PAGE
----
“I could be sleeping, but I’m here talking to you!”
Jurgen Klopp is smiling again, making a point in that trademark manner. A grin and a chuckle, but a message beneath the geniality.
He doesn’t have to be here, you know!
He is, though, thankfully, giving up his time and energy for an exclusive, sit-down interview with Goal . There have been other media engagements already that morning too. There have been camera crews, a podcast recording and duties for his club’s TV channel. Being the manager of Liverpool is a 24/7 job, even in pre-season. The fun never stops.
It is to Klopp’s credit – and that of his media staff too, to be fair - that he deals with the various demands and requests so well. Few Premier League bosses are more accommodating with the Press or TV reporters, and not many offer as much insight or colour, either.
“If football hadn’t worked out, I probably would have ended up being a sports reporter,” he once said. Martin Quast, a German journalist and close friend of Klopp’s, remembers him starting an internship at SAT1 , the first privately-owned TV station in Germany, whilst playing at Mainz in the 1990s. Among Klopp’s big successes was a feature on the Roschingers, the two most successful snowboarders from the Hesse region. He had interviewed the sisters, added a voice-over and edited the feature himself. “He was talented,” Quast said.
Thankfully – or should that be sadly – it was in football, rather than journalism that Klopp ended up. But after talking about winning and losing, and about young players and new players, Goal is intrigued. What does he really think of the media? And what are his views on the depth and breadth of football coverage in 2018?
“I am a little bit split in my opinion on this, to be honest,” he says, picking his words carefully. “On the one hand, football clubs get the money from the media because everybody is interested in what we do. But on the other side, yes, not everything is how it should be, I would say.
“I respect the job of journalists, absolutely. People want to be informed, I get that. Could journalists sometimes be a little bit better prepared? Yes, to be honest! They ask how you feel when you lost 5-0! What do they think I’ll say?!
“Those kind of things are not too good, but apart from that it’s just part of the business. We can talk about football. It’s absolutely fine.”
Klopp, like many managers, regularly insists he doesn’t read newspapers, and he certainly isn’t one for social media. Regular visitors to Melwood will know, however, that he is rarely behind on the narratives and talking points when it comes to Liverpool. He knows what’s being said.
“I don’t read about football really,” he tells Goal. “From time to time I have Sky on or whatever, but not really a lot.”
At this point, he references an incident the season before last, when he reacted angrily to criticism from Gary and Phil Neville about one of his players, Loris Karius. In a memorable press conference, he remarked that: “[Gary Neville] showed when he was a manager that he struggled with the job to judge players, so why do we let him talk about players on television?”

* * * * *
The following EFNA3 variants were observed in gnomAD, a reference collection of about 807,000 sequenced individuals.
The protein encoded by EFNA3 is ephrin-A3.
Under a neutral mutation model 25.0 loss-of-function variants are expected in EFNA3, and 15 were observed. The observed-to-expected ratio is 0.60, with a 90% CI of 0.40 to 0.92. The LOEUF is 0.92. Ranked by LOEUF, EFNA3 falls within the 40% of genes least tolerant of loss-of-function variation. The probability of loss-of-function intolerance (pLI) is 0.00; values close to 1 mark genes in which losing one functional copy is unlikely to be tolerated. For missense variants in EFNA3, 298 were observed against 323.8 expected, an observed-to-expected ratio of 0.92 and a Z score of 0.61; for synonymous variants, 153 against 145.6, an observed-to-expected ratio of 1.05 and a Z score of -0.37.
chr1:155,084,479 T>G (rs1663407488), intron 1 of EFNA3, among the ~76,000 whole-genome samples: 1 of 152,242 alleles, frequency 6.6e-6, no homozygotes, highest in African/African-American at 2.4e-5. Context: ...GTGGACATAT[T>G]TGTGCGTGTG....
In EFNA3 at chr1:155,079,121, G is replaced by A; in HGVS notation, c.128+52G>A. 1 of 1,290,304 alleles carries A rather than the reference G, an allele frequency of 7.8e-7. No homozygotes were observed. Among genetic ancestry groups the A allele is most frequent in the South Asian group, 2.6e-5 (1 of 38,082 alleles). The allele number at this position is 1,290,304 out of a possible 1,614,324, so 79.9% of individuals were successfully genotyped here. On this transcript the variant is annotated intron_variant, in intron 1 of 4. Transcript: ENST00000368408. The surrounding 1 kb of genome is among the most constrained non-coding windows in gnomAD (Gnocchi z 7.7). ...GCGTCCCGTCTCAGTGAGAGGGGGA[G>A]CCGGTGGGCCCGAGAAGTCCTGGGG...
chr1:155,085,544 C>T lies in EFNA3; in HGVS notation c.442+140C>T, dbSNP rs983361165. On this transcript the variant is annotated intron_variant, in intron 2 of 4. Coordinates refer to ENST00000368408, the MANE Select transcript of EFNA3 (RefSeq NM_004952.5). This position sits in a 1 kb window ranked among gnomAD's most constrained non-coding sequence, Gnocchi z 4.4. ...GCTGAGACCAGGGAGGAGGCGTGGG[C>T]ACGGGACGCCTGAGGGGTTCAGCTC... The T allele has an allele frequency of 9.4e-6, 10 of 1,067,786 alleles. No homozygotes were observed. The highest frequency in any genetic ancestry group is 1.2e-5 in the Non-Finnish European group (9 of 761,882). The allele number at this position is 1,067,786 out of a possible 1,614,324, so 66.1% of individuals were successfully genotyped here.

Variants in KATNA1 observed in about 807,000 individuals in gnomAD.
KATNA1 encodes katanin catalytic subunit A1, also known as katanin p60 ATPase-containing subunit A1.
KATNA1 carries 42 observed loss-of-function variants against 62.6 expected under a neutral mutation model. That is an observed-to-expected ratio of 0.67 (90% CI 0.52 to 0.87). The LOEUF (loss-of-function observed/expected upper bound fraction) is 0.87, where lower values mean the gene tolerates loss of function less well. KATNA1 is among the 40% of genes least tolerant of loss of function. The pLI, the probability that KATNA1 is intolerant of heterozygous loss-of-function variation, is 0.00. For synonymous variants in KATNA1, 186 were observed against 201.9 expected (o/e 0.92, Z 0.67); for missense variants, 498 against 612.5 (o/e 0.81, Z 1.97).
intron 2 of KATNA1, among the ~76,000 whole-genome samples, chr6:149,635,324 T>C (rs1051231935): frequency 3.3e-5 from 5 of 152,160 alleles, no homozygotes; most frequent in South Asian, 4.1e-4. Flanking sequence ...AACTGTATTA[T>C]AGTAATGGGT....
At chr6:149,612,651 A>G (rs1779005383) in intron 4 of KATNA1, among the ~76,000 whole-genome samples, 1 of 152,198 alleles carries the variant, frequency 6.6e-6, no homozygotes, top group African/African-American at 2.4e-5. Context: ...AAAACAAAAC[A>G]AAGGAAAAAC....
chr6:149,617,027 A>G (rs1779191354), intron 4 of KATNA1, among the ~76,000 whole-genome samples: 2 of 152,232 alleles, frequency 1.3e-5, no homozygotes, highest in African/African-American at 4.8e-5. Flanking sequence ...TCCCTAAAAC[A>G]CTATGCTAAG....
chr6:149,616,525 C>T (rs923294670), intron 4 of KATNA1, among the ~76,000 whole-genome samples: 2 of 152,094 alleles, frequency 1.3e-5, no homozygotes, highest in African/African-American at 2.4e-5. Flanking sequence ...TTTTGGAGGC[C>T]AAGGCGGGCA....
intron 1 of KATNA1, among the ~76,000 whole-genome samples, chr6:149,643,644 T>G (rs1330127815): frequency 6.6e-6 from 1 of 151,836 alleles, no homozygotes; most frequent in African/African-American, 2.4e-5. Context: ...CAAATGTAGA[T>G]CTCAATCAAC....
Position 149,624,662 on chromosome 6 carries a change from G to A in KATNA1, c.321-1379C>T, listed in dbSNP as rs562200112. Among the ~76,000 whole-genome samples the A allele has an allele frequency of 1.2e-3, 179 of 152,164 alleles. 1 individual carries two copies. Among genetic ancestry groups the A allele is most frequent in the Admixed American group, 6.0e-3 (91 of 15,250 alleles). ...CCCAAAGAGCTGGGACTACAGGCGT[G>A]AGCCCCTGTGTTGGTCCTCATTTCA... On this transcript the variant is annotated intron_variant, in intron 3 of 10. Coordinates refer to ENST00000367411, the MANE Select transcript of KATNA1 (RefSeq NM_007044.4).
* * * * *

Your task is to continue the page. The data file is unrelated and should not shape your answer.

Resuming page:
Nearly two years on, he is able to laugh off the “spat”. “I made a mistake,” he says. “I was a little harsh about the Neville brothers, for sure, but I said what I said.”
Klopp has done punditry, both in Germany and, for Sky, in England. He knows how the industry works and appreciates the challenges facing those whose job it is to inform, to analyse and to educate.
But, he says, he still doesn’t read them!
“I don’t sit and listen to what people say about us,” he insists. “I’m really not interested. If we are bad, I know it before they know it, and if we are good, I know it before they know it. It makes no sense to listen to them.
“I don’t read anything about English football, I occasionally see something about us but only if the headline is harmless! If I see a headline is going in a particular direction, then forget it!
“But I want to have a normal relationship with journalists. I don’t want to be one of these managers who is like ‘who wrote that?’ and then I will not talk to them. That makes no sense.
“I learned a long time ago in Germany that you get good and bad. I knew each journalist in Germany, but does it help? They are not friends of mine, but I don’t hate them!”
Klopp remembers those early days at Mainz, when he would hold press conferences attended by two or three journalists and maybe, on a good day, a photographer or cameraman too.
Now, it is standing room only at Melwood, where crews from the four corners of the globe can always be found. Football coverage now is non-stop, the demands on players and managers must be immense.
“Yes, but that’s not just the media,” Klopp says. “It’s also associations like FIFA and what they do with the World Cup, what they do with the [African] Nations Cup. We squeeze the orange until there’s nothing left any more, and all on the back of the players. That’s the truth.
“Take the World Cup. There was one day after the group stages where there was no game and I think the whole world was ‘wow, what do we do tonight?!’ They were used to watching three games a day!
“It doesn’t stop. It’s a lot, but that creates the money that we all earn, so how can I complain about that?
“I love the game, I really do. I have loved it since I was three years old. That’s what matters to me.
“The media thing, it doesn’t bother me. Yes, you lose a game and have to give 17 interviews, and yeah it’s not what you want to do. But you don’t want to do it if you win the game!”
“Mind you,” he adds. “It is easier when you do win!”